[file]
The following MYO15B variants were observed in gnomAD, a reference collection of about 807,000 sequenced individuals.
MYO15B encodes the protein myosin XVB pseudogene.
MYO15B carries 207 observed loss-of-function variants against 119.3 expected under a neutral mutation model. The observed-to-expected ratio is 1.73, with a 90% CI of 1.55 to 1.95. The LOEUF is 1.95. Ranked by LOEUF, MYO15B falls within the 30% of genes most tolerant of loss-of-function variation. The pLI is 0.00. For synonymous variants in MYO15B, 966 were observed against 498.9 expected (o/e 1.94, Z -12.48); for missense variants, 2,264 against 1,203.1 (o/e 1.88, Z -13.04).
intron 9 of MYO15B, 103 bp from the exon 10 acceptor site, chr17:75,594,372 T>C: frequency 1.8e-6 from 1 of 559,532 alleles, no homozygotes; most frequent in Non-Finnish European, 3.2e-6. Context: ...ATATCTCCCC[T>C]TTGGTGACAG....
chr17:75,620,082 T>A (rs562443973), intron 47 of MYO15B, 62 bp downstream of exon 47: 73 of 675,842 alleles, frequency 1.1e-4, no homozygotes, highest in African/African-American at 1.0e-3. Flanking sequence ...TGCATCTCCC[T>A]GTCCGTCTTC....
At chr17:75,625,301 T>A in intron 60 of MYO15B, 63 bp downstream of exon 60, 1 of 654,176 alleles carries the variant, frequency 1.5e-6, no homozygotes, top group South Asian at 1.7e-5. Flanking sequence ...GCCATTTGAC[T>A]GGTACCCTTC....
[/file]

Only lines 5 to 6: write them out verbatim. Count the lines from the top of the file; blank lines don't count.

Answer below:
chr17:75,620,082 T>A (rs562443973), intron 47 of MYO15B, 62 bp downstream of exon 47: 73 of 675,842 alleles, frequency 1.1e-4, no homozygotes, highest in African/African-American at 1.0e-3. Flanking sequence ...TGCATCTCCC[T>A]GTCCGTCTTC....
At chr17:75,625,301 T>A in intron 60 of MYO15B, 63 bp downstream of exon 60, 1 of 654,176 alleles carries the variant, frequency 1.5e-6, no homozygotes, top group South Asian at 1.7e-5. Flanking sequence ...GCCATTTGAC[T>A]GGTACCCTTC....